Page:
As I said in an earlier post about picturing your visitors, it's safe to assume that people enter your site voluntarily and for a specific reason.
If a visitor's reason for entering your site is not aligned with your own goals (say, they’re looking for career opportunities and your current goals don’t include connecting with potential staff members) they won’t find what they came in for. That’s OK—You can’t please everyone every time and your target is NOT the entire planet.
If your visitor’s reason is somehow aligned with your goals, then you have a match!
Your challenge now is letting them know that it’s a match in the first seconds of their visit, or else they’ll leave. The site navigation and content must be structured in such a way that it’s very easy for them to know this.
This doesn’t mean that all the content should be in their face the moment they land on any part of the site. That would just confuse them. What it means is that the navigation, content and its design should make their path as evident as possible.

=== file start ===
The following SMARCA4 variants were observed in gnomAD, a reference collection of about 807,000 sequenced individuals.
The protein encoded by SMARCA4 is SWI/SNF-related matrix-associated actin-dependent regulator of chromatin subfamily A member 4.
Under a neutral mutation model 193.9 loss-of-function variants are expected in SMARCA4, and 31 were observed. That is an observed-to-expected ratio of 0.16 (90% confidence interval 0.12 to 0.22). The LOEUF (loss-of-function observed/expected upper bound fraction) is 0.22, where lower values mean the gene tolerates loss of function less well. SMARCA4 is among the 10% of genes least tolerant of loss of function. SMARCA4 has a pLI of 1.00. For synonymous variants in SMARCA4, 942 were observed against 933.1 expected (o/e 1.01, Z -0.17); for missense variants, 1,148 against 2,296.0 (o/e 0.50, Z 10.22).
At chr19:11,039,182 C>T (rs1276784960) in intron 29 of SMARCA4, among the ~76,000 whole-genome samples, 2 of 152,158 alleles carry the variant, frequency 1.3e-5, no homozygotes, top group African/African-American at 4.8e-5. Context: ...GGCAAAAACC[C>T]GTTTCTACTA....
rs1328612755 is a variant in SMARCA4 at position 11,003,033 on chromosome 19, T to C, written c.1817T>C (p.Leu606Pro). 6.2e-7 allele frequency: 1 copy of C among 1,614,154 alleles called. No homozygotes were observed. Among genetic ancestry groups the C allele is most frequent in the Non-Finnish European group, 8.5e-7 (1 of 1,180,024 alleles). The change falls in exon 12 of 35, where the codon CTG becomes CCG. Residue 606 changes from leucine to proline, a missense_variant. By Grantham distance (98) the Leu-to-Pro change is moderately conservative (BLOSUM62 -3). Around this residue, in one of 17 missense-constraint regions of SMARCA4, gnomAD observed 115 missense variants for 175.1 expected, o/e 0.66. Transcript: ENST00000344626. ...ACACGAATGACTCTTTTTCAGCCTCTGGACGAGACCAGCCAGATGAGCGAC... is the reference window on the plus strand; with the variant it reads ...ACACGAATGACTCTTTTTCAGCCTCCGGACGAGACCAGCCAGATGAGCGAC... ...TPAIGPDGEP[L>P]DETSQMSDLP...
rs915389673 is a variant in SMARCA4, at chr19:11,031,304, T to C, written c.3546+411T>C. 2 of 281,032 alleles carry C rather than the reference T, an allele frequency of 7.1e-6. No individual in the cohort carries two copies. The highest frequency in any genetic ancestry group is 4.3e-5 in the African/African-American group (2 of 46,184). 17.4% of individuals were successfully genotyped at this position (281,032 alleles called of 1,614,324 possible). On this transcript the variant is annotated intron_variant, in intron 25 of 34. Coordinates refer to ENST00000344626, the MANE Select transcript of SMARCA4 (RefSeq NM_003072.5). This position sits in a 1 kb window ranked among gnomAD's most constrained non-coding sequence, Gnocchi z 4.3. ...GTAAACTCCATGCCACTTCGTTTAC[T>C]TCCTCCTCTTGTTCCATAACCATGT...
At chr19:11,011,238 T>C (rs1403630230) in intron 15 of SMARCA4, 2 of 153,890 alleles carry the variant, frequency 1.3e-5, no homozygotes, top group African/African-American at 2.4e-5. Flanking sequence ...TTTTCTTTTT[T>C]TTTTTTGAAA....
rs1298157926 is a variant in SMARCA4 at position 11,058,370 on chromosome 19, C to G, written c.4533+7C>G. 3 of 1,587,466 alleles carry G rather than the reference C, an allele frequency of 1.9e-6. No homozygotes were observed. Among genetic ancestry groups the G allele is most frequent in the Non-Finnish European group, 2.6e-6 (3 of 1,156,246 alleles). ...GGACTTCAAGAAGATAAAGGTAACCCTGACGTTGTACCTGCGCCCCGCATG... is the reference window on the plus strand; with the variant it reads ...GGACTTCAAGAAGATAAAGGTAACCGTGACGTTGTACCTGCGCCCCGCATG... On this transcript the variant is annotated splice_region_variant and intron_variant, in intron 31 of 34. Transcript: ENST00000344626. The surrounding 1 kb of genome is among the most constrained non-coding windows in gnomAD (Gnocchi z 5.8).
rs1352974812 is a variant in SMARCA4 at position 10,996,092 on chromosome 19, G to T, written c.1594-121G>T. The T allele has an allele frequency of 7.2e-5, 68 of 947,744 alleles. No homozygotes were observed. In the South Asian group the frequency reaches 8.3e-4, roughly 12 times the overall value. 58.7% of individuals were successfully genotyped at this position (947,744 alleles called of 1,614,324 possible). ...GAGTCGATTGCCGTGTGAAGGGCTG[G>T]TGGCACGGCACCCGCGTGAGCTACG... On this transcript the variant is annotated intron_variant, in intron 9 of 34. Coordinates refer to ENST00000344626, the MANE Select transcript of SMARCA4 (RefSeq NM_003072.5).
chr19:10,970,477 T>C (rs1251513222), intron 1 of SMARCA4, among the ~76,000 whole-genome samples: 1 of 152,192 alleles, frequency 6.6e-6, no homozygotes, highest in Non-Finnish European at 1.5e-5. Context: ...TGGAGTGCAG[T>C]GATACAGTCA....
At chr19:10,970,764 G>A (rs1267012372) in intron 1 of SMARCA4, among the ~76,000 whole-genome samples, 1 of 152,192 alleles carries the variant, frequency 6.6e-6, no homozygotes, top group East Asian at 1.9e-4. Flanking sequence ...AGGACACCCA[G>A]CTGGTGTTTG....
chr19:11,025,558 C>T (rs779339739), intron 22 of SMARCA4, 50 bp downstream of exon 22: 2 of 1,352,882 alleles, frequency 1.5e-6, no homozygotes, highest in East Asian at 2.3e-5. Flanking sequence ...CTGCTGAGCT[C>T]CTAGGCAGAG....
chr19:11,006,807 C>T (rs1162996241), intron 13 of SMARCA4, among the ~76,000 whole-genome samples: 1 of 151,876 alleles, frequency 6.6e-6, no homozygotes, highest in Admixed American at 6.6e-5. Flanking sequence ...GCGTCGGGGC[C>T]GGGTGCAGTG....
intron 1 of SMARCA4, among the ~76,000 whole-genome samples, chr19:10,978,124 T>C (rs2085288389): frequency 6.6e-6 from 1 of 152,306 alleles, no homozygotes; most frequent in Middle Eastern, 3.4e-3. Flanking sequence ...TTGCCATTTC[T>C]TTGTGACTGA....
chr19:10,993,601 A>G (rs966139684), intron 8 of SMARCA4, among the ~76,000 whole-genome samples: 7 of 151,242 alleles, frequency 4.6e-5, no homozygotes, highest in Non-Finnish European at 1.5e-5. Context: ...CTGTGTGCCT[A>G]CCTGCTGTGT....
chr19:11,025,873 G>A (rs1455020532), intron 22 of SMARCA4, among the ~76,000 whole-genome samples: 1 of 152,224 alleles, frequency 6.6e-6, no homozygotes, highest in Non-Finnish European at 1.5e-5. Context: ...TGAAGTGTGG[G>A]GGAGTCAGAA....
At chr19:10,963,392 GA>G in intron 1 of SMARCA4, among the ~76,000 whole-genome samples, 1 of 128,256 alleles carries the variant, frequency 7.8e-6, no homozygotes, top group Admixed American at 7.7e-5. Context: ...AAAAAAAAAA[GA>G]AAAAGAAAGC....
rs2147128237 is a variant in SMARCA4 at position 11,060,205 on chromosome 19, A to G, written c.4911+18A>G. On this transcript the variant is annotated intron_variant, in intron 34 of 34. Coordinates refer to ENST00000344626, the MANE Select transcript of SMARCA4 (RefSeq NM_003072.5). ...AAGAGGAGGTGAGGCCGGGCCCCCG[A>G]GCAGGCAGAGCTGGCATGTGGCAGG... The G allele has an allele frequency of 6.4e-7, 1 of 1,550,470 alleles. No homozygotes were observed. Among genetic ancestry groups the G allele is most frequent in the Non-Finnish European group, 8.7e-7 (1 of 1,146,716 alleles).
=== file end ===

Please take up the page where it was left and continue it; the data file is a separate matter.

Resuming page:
For their path to be clear, the steps need to be labeled in the terms that visitors expect. Links, introduction texts, headings, should be written in a language that makes sense to them.
The paths should be planned to guide them with the least friction possible to the contents and actions that will fulfill their motivations, and your goals.
For example, if their motivation is to be informed about UN Agreed Language related to Sexual Rights, and your goal is to be in touch with people taking part at UN negotiations, you might want to guide them to the newsletter subscription form. It should be made very evident what they'll be getting from subscribing to your newsletter.
In many cases, we might want to lead users into new motivations. Common cases are newsletters and donations. Some visitors might come to the site looking for information on the Mesoamerican Barrier Reef System because they are into marine life and diving. We might want take advantage of this motivation to inform them about the degradation of the reef, about sustainable tourism, and invite them to donate or take action to help conserve biodiversity.
Every site is unique but something that is common to all sites is that they are built so that other people can get content and do things in them. When designing, reviewing, evaluating a website or any of its components, we should be thinking about the visitors, their motivations and our goals.
Whether we personally like something or not is not the most relevant factor. Catering to users’ reasons and achieving your project’s goals is.